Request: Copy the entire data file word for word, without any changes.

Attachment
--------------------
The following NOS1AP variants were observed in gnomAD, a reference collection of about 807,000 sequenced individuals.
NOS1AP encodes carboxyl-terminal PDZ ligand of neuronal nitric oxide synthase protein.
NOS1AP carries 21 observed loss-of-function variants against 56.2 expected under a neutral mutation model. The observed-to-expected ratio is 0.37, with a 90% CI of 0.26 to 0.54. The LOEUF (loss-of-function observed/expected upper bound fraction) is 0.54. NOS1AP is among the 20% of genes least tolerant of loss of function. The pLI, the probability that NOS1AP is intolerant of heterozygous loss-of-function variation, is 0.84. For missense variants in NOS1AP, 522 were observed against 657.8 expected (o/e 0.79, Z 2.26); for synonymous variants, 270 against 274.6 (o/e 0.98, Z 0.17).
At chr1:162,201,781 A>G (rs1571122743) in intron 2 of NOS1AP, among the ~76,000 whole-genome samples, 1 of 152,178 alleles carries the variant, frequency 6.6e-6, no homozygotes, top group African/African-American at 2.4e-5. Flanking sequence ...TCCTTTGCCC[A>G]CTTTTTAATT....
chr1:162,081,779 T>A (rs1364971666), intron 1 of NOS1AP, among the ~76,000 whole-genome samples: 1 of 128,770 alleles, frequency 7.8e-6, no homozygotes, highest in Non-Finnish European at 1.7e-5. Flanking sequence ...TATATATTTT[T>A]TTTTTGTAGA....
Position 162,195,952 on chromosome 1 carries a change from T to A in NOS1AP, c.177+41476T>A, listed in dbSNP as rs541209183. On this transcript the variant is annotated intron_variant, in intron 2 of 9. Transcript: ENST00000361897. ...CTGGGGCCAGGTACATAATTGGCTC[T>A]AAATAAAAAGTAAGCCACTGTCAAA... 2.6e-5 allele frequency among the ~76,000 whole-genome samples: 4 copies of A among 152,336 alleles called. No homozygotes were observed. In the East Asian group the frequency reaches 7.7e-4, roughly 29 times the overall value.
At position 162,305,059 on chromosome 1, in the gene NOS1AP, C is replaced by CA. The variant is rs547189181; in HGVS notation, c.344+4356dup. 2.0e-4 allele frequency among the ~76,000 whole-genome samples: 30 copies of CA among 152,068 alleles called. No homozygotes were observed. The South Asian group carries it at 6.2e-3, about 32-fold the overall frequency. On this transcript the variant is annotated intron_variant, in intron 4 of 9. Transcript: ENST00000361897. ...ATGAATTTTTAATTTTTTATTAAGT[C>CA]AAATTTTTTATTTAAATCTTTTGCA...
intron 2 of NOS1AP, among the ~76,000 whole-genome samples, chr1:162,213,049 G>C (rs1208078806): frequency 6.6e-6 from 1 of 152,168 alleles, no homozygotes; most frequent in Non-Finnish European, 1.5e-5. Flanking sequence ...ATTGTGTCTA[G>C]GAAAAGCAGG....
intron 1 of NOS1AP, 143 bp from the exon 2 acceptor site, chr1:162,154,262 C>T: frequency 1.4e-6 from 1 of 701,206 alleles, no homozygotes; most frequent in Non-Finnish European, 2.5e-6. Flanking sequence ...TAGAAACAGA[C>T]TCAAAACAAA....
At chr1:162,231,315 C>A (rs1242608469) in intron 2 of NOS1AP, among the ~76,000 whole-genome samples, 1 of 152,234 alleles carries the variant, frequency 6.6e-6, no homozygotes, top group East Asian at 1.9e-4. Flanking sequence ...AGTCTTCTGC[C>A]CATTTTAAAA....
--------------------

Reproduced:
The following NOS1AP variants were observed in gnomAD, a reference collection of about 807,000 sequenced individuals.
NOS1AP encodes carboxyl-terminal PDZ ligand of neuronal nitric oxide synthase protein.
NOS1AP carries 21 observed loss-of-function variants against 56.2 expected under a neutral mutation model. The observed-to-expected ratio is 0.37, with a 90% CI of 0.26 to 0.54. The LOEUF (loss-of-function observed/expected upper bound fraction) is 0.54. NOS1AP is among the 20% of genes least tolerant of loss of function. The pLI, the probability that NOS1AP is intolerant of heterozygous loss-of-function variation, is 0.84. For missense variants in NOS1AP, 522 were observed against 657.8 expected (o/e 0.79, Z 2.26); for synonymous variants, 270 against 274.6 (o/e 0.98, Z 0.17).
At chr1:162,201,781 A>G (rs1571122743) in intron 2 of NOS1AP, among the ~76,000 whole-genome samples, 1 of 152,178 alleles carries the variant, frequency 6.6e-6, no homozygotes, top group African/African-American at 2.4e-5. Flanking sequence ...TCCTTTGCCC[A>G]CTTTTTAATT....
chr1:162,081,779 T>A (rs1364971666), intron 1 of NOS1AP, among the ~76,000 whole-genome samples: 1 of 128,770 alleles, frequency 7.8e-6, no homozygotes, highest in Non-Finnish European at 1.7e-5. Flanking sequence ...TATATATTTT[T>A]TTTTTGTAGA....
Position 162,195,952 on chromosome 1 carries a change from T to A in NOS1AP, c.177+41476T>A, listed in dbSNP as rs541209183. On this transcript the variant is annotated intron_variant, in intron 2 of 9. Transcript: ENST00000361897. ...CTGGGGCCAGGTACATAATTGGCTC[T>A]AAATAAAAAGTAAGCCACTGTCAAA... 2.6e-5 allele frequency among the ~76,000 whole-genome samples: 4 copies of A among 152,336 alleles called. No homozygotes were observed. In the East Asian group the frequency reaches 7.7e-4, roughly 29 times the overall value.
At position 162,305,059 on chromosome 1, in the gene NOS1AP, C is replaced by CA. The variant is rs547189181; in HGVS notation, c.344+4356dup. 2.0e-4 allele frequency among the ~76,000 whole-genome samples: 30 copies of CA among 152,068 alleles called. No homozygotes were observed. The South Asian group carries it at 6.2e-3, about 32-fold the overall frequency. On this transcript the variant is annotated intron_variant, in intron 4 of 9. Transcript: ENST00000361897. ...ATGAATTTTTAATTTTTTATTAAGT[C>CA]AAATTTTTTATTTAAATCTTTTGCA...
intron 2 of NOS1AP, among the ~76,000 whole-genome samples, chr1:162,213,049 G>C (rs1208078806): frequency 6.6e-6 from 1 of 152,168 alleles, no homozygotes; most frequent in Non-Finnish European, 1.5e-5. Flanking sequence ...ATTGTGTCTA[G>C]GAAAAGCAGG....
intron 1 of NOS1AP, 143 bp from the exon 2 acceptor site, chr1:162,154,262 C>T: frequency 1.4e-6 from 1 of 701,206 alleles, no homozygotes; most frequent in Non-Finnish European, 2.5e-6. Flanking sequence ...TAGAAACAGA[C>T]TCAAAACAAA....
At chr1:162,231,315 C>A (rs1242608469) in intron 2 of NOS1AP, among the ~76,000 whole-genome samples, 1 of 152,234 alleles carries the variant, frequency 6.6e-6, no homozygotes, top group East Asian at 1.9e-4. Flanking sequence ...AGTCTTCTGC[C>A]CATTTTAAAA....